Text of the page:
Once the final coat of lacquer has been applied and the pieces are completely dry it is time for installation. Before you install the bronze you will need to remove the glue residue that is on the backing in the car. I found that much of this residue could be removed by using a putty knife and scraping the metal. The glue turned to powder and I used the vacuum cleaner to remove the dust. In areas where the glue was still in tact I used a light coat of the citrus stripper. Apply the stripper with a small brush, let sit for about 20 minutes, and wipe clean with a paper towel. I was surprised at how easily the stripper loosened the nasty old glue. Be careful to not get the stripper on any painted surfaces! Since my car is a coupe there is a painted band between the thin bronze trim pieces on the door panels. I taped the painted area with the correct size painter's tape. Once the glue is removed, clean the metal backing with an all-purpose cleaner to remove any residue from the stripper.
The 3M-emblem adhesive is a nifty product that was recommended by a friend that works in a body shop. It comes on a paper backing. A thin sheet of paper covers the adhesive. To apply the adhesive all you need do is cut the sheet to the size of your piece of bronze. Pull the thin paper off of the adhesive sheet. Press this exposed side to the bronze. Rub the backing to ensure there was good contact with the bronze. Don't pull off the backing. There is now a thin layer of adhesive on the bronze. Test the piece in its proper location to ensure you have the piece correctly oriented. Many of the pieces in the car are tapered or shaped to fit only one way. Once you are certain you have the correct piece oriented correctly simply remove the paper backing from the adhesive strip. Be careful not to touch the adhesive or it will come off on your fingers. Press the bronze in place. I used a very soft cloth and gently pressed the bronze in place and to remove any fingerprints. Avoid rubbing the surface with too much force. The lacquer can still be soft and you don't want to scratch the metal. If you do, it's back to square one!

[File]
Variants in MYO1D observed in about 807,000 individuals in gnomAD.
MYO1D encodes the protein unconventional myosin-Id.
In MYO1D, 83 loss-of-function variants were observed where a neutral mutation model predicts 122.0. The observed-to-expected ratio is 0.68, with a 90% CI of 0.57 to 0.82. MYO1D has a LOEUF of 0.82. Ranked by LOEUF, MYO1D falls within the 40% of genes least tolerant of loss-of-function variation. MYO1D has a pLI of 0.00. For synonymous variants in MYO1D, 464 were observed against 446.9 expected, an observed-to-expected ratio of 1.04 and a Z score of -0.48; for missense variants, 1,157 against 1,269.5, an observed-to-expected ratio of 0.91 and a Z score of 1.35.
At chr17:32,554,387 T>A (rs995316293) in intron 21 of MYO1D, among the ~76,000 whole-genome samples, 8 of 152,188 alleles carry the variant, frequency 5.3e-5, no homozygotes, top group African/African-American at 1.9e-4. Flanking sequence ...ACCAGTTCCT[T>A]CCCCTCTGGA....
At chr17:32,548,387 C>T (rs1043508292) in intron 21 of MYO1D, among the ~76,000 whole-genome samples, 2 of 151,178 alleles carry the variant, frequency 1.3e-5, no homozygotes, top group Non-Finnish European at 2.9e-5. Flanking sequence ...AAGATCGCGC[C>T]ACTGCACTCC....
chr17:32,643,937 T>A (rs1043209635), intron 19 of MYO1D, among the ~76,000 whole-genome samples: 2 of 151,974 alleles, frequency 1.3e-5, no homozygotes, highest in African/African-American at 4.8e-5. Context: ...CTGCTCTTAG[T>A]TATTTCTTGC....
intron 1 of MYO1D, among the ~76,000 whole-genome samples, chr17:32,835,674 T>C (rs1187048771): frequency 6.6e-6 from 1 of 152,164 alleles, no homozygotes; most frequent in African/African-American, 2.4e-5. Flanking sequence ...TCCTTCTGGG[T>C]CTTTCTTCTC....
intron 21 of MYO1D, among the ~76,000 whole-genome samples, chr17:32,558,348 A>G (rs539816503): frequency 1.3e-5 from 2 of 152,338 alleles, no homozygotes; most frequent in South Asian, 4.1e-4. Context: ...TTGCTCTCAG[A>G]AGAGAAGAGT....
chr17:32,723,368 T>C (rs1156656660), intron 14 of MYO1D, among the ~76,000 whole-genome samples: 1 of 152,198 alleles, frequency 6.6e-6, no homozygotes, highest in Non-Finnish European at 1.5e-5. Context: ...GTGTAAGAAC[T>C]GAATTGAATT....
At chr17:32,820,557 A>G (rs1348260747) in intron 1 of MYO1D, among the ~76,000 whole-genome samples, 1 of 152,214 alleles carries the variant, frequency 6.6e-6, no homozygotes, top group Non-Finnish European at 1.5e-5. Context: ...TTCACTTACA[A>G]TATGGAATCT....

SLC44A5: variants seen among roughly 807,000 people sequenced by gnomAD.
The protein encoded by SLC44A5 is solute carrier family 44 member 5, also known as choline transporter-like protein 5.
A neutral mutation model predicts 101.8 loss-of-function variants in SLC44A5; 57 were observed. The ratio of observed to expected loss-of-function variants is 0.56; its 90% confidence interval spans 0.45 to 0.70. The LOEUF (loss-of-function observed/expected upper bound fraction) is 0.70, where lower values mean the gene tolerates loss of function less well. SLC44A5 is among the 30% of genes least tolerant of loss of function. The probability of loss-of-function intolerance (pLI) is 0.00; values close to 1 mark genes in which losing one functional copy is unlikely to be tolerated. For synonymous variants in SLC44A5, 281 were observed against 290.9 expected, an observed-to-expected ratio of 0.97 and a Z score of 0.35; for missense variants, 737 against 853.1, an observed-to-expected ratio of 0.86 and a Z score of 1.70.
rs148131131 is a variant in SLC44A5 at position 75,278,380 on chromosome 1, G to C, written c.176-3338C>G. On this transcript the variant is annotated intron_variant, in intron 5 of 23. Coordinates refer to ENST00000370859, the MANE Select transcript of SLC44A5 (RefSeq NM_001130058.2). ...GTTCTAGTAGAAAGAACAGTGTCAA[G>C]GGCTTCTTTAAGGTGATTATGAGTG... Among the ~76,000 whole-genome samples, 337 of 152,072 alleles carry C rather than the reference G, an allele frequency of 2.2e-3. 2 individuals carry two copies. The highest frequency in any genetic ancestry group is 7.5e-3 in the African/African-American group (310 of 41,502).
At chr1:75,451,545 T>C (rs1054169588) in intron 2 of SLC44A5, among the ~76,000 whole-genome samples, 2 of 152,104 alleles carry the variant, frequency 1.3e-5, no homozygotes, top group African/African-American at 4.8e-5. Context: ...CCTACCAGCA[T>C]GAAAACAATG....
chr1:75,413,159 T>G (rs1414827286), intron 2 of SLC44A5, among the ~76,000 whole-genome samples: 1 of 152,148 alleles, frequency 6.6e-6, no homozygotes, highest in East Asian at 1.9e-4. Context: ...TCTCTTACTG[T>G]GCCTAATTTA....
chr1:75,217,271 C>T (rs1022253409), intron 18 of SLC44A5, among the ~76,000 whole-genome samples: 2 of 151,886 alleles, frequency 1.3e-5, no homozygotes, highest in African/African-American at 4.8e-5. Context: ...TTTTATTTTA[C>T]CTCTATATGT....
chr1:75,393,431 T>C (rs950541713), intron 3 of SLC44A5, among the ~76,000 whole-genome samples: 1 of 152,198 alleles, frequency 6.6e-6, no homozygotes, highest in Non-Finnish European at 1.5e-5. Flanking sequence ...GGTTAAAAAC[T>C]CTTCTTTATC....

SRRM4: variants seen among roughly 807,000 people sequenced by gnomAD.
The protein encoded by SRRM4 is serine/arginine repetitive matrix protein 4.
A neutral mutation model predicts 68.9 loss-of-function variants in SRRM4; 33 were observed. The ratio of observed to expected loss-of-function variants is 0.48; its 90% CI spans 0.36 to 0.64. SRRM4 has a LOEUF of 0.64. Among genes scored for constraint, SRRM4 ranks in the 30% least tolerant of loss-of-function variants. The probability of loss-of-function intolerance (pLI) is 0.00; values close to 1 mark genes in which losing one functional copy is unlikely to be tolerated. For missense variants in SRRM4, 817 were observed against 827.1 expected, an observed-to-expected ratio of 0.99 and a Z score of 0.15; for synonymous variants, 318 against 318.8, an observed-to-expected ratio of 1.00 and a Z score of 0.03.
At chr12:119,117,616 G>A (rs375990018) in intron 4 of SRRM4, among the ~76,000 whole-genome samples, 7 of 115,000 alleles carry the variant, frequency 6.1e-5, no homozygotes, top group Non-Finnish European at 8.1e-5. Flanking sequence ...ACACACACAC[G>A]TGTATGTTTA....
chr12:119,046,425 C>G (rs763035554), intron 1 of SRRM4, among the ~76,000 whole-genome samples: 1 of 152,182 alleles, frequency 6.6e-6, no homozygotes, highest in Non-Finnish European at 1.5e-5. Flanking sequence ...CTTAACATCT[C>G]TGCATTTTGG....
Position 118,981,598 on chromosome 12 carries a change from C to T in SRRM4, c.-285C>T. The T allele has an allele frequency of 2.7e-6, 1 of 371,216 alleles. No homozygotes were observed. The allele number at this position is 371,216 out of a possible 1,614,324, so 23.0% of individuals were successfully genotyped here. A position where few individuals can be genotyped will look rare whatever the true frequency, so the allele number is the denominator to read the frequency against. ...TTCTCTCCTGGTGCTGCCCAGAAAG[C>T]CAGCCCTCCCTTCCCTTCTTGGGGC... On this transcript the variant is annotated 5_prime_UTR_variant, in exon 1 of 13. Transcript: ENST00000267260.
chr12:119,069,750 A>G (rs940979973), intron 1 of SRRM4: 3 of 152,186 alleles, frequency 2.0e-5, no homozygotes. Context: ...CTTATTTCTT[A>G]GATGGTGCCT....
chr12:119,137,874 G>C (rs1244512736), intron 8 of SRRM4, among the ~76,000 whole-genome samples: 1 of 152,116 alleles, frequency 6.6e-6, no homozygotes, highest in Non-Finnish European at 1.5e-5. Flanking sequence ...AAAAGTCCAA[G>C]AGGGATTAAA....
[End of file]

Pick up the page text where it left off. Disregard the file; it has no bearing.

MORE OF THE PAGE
The emblem adhesive is used to apply trim and name plates to the exterior of cars. It ought to have enough strength and durability to hold the bronze in place. Using this product is an experiment so I cannot guarantee the long-term durability. Using this product does avoid the problems inherent with using contact cement or other liquid adhesives. I did not completely cover the back of each bronze piece. I believe that a refinishing project will be inevitable so I do want to be able to remove the bronze without damage. I am hopeful that the lacquer will protect the metal and that a tarnish removal project will not have to be done for another 20-30 years!
Continue the spraying and installation process. The interiors of these cars are stunning when the bronze is clean and bright. The use of bronze and chrome is beautiful!